Since 1984, women have been the majority of the total vote in every presidential election. This year, millions of women will stand in line and prepare themselves to decide who will serve in state legislatures and in the U.S. Congress. They will decide who sits on the local school board and who becomes the next President of the United States. They will also decide who shapes the future of reproductive health and rights for all women in this country. The power to preserve and expand reproductive rights is inextricably tied the right to vote.
But what is power if your ability to leverage that power is stripped away?
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That’s just what Republican-led state legislatures across the country are poised to do. Since 2010 state legislatures with Republican majorities have introduced and passed restrictive laws with the potential — and many argue the intent — of forcing widespread voter suppression, and to disenfranchise women, people of color, students, the elderly, and low-income communities.
The overall strategy has included efforts to:
Pass laws that require voters to produce proof of citizenship;
Make the voter registration process more difficult by eliminating Election Day registration and creating new restrictions on voter registration drives;
Cut early and absentee voting periods;
Make the restoration of voting rights more difficult;
Require eligible voters to possess current and valid state issued photo ID
Brennan Center for Justice.
These voter suppression tactics are not new, our nation has faced this type of encroachment before. During the civil rights movement African-Americans, women, students, and allies all fought together to gain access to the vote for all citizens. Now, Republican-led state legislatures across the nation are working to roll back hard-earned progress.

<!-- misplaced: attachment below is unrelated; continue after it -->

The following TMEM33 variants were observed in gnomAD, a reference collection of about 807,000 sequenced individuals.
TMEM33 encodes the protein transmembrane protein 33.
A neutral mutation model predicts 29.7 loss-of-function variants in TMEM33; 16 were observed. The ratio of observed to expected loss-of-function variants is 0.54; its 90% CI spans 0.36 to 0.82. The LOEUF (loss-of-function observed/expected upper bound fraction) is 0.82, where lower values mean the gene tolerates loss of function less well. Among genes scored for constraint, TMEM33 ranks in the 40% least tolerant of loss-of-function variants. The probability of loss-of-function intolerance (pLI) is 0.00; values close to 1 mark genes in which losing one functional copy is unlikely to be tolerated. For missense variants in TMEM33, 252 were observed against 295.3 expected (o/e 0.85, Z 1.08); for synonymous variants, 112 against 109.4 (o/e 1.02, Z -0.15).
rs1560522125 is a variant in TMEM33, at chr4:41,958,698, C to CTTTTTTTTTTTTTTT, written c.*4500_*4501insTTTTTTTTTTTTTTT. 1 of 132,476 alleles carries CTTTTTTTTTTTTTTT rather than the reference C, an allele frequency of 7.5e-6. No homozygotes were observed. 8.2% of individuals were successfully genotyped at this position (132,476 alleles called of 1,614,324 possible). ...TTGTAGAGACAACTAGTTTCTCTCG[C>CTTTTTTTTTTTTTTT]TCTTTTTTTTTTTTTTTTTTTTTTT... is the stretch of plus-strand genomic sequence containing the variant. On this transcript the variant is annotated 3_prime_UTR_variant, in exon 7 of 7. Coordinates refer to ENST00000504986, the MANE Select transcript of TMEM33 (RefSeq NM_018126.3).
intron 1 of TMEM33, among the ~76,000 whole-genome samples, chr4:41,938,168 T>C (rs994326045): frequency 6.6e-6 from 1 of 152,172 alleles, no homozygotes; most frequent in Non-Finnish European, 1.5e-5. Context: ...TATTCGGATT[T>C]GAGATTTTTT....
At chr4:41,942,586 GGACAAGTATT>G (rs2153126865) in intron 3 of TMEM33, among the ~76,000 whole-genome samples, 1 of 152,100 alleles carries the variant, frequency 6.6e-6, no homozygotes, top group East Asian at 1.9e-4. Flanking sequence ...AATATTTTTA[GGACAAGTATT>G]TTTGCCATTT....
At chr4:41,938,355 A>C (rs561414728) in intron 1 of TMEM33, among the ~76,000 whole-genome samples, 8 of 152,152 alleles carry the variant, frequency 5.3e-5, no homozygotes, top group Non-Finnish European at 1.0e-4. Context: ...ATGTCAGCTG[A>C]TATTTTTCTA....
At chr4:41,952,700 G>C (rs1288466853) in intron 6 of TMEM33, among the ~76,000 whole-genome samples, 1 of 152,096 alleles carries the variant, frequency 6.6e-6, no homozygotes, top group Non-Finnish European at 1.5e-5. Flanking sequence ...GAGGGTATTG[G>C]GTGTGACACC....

What happens if this strategy succeeds?
According a Brennan Center for Justice study, approximately one in ten, or 21 million, Americans do not currently possess valid and current government-issued photo ID. Many of those voters are women whose last names changed with marriages.
The same study found that since the beginning of 2011, at least 180 bills restricting voting rights were introduced in 41 states. Due to this well-funded and well-organized GOP-led effort, 16 states succeeded in passing restrictive voting laws. These states account for 214 electoral votes, or nearly 79 percent of the total needed to win the presidency. If these restrictions are enacted, an estimated 5 million eligible voters could be turned away from the polls in 2012.
Republican state legislators are not pushing this agenda alone. A corporate-funded conservative group called the American Legislative Exchange Council (ALEC) — whose membership includes legislators and major corporations — created model voter ID legislation. Then, legislators and corporations worked together to introduce and push the model voter ID legislation in several states under the guise of preventing voting fraud.
According to the American Civil Liberties Union (ACLU), “proponents of such voter suppression legislation have failed to show that voter fraud is a problem anywhere in the country.” Right-wing politicians and groups including ALEC are leveraging the right to vote against a problem that doesn’t exist.
Brennan Center for Justice.
What’s happening in states?
Florida has a long history of disenfranchising its eligible voters. Florida Governor Rick Scott’s attempt to purge more than 180,000 Floridians from voter rolls just before a key election is a prime example the GOP’s effort to disrupt the voting process and disenfranchise eligible voters. In the 2000 presidential election, thousands of ballots from African American voters were rejected and tossed out. George Bush’s victory was hinged upon the decision of Florida election officials, he won by just 573 votes. Every single vote counts.